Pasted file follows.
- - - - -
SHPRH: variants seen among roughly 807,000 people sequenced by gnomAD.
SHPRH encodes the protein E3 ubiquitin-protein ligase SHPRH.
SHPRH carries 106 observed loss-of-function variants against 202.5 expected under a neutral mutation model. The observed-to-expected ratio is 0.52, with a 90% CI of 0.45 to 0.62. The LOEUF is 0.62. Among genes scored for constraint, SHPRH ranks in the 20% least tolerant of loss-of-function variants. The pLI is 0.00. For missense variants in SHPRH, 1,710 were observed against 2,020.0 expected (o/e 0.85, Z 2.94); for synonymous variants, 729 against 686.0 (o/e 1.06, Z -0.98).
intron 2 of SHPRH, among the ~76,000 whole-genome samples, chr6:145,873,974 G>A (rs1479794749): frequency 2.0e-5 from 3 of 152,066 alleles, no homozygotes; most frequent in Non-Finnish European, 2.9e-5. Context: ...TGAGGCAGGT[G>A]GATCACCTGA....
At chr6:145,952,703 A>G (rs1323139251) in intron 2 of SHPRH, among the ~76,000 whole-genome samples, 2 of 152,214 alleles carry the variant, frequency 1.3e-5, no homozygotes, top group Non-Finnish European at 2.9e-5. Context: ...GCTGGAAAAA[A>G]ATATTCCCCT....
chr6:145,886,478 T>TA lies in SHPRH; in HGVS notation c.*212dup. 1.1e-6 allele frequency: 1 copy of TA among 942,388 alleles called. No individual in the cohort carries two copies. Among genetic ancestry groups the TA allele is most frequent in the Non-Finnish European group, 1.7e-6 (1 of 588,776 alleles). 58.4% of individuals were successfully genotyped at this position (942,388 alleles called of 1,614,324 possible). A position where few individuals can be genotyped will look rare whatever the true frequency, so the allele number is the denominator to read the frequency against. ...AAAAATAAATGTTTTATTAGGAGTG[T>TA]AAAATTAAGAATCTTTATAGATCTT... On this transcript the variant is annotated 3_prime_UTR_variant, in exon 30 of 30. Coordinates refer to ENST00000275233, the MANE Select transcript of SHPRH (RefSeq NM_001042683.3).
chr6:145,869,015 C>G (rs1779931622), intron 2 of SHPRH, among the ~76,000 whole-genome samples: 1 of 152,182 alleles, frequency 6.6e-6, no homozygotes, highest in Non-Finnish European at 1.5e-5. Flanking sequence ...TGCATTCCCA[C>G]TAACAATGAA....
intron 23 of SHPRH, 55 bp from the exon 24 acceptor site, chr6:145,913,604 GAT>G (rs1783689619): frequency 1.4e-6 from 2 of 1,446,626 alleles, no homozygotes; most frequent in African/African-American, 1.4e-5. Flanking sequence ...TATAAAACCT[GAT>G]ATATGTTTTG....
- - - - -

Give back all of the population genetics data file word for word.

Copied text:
SHPRH: variants seen among roughly 807,000 people sequenced by gnomAD.
SHPRH encodes the protein E3 ubiquitin-protein ligase SHPRH.
SHPRH carries 106 observed loss-of-function variants against 202.5 expected under a neutral mutation model. The observed-to-expected ratio is 0.52, with a 90% CI of 0.45 to 0.62. The LOEUF is 0.62. Among genes scored for constraint, SHPRH ranks in the 20% least tolerant of loss-of-function variants. The pLI is 0.00. For missense variants in SHPRH, 1,710 were observed against 2,020.0 expected (o/e 0.85, Z 2.94); for synonymous variants, 729 against 686.0 (o/e 1.06, Z -0.98).
intron 2 of SHPRH, among the ~76,000 whole-genome samples, chr6:145,873,974 G>A (rs1479794749): frequency 2.0e-5 from 3 of 152,066 alleles, no homozygotes; most frequent in Non-Finnish European, 2.9e-5. Context: ...TGAGGCAGGT[G>A]GATCACCTGA....
At chr6:145,952,703 A>G (rs1323139251) in intron 2 of SHPRH, among the ~76,000 whole-genome samples, 2 of 152,214 alleles carry the variant, frequency 1.3e-5, no homozygotes, top group Non-Finnish European at 2.9e-5. Context: ...GCTGGAAAAA[A>G]ATATTCCCCT....
chr6:145,886,478 T>TA lies in SHPRH; in HGVS notation c.*212dup. 1.1e-6 allele frequency: 1 copy of TA among 942,388 alleles called. No individual in the cohort carries two copies. Among genetic ancestry groups the TA allele is most frequent in the Non-Finnish European group, 1.7e-6 (1 of 588,776 alleles). 58.4% of individuals were successfully genotyped at this position (942,388 alleles called of 1,614,324 possible). A position where few individuals can be genotyped will look rare whatever the true frequency, so the allele number is the denominator to read the frequency against. ...AAAAATAAATGTTTTATTAGGAGTG[T>TA]AAAATTAAGAATCTTTATAGATCTT... On this transcript the variant is annotated 3_prime_UTR_variant, in exon 30 of 30. Coordinates refer to ENST00000275233, the MANE Select transcript of SHPRH (RefSeq NM_001042683.3).
chr6:145,869,015 C>G (rs1779931622), intron 2 of SHPRH, among the ~76,000 whole-genome samples: 1 of 152,182 alleles, frequency 6.6e-6, no homozygotes, highest in Non-Finnish European at 1.5e-5. Flanking sequence ...TGCATTCCCA[C>G]TAACAATGAA....
intron 23 of SHPRH, 55 bp from the exon 24 acceptor site, chr6:145,913,604 GAT>G (rs1783689619): frequency 1.4e-6 from 2 of 1,446,626 alleles, no homozygotes; most frequent in African/African-American, 1.4e-5. Flanking sequence ...TATAAAACCT[GAT>G]ATATGTTTTG....